Thousands of Asda shop floor workers, who argued that their customer-facing roles are undervalued compared to warehouse workers, have won the latest round of a legal battle with their employer over equal pay, in a ruling has been hailed as a potential “game changer” for more than half a million retail workers.
The case that was originally heard by The Employment Tribunal (ET) in October 2016 was taken to the Court of Appeal where it was upheld on the 31st January 2019. It has been decided that store-based employees, who are majority female, at retailer Asda have comparable job roles to their predominantly male counterparts working at the supermarket’s distribution centres.
In his judgment, Lord Justice Underhill ruled that for both retail workers and distribution workers "Asda applied common terms and conditions wherever they work". It was also held that the claimants would be entitled to draw the comparison under European law because there was a “single source” for their, and their comparators’, terms, but declined to decide whether European law had direct effect in relation to equal value claims.
Lord Justice Underhill also added that Asda's application to appeal to the Supreme Court had been refused.
The hearing took into consideration three main areas of interest that are typical for equal pay cases: whether the job roles comparable; if so, whether they are of equal value; and if the job roles are of equal value, is there a reason other than sex discrimination that means the roles should not be paid equally?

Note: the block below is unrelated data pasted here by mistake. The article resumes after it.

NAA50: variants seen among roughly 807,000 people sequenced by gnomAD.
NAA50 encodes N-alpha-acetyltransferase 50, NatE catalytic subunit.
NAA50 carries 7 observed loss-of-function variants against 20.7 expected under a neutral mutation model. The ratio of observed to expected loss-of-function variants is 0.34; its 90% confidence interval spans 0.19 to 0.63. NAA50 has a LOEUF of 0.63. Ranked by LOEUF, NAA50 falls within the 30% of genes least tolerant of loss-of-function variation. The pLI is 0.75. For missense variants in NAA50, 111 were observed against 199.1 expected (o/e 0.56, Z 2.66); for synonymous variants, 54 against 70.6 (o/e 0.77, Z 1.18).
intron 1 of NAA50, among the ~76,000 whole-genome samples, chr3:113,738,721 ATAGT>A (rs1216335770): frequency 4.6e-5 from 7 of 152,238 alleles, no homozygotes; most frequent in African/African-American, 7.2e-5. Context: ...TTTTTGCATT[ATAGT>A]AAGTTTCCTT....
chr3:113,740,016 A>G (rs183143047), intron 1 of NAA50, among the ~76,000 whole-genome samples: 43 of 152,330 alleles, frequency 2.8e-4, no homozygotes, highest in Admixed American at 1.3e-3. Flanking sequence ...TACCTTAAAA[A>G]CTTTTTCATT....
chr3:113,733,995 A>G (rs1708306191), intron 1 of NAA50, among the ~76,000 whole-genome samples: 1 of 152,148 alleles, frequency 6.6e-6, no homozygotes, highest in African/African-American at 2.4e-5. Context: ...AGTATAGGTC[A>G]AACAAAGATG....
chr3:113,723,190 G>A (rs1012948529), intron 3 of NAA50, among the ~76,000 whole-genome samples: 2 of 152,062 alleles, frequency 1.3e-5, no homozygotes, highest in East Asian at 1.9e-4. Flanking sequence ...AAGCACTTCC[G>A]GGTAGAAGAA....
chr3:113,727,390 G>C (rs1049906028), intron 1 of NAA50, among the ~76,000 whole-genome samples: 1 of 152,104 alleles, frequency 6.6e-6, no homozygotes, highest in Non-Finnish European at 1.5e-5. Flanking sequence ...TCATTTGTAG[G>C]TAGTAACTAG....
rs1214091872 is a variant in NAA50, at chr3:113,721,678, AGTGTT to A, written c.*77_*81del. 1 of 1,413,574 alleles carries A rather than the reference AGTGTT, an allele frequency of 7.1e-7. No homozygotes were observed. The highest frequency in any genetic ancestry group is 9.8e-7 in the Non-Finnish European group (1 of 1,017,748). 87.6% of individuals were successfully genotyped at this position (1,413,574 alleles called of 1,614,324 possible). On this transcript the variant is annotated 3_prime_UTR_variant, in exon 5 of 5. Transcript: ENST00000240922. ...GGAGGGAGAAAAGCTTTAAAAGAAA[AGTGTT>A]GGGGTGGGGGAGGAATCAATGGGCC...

If similar cases against the top supermarkets in the UK return the same result then current and former retail staff may be entitled to up to £10billion in combined back pay. This would have implications for 584,000 current workers and an unknown numbers of former workers at all the major supermarkets.
However, in order to claim successfully, workers will still have to demonstrate that the roles are of equal value and, if they are, that there is not a reason other than sex discrimination which means the roles should not be paid equally.
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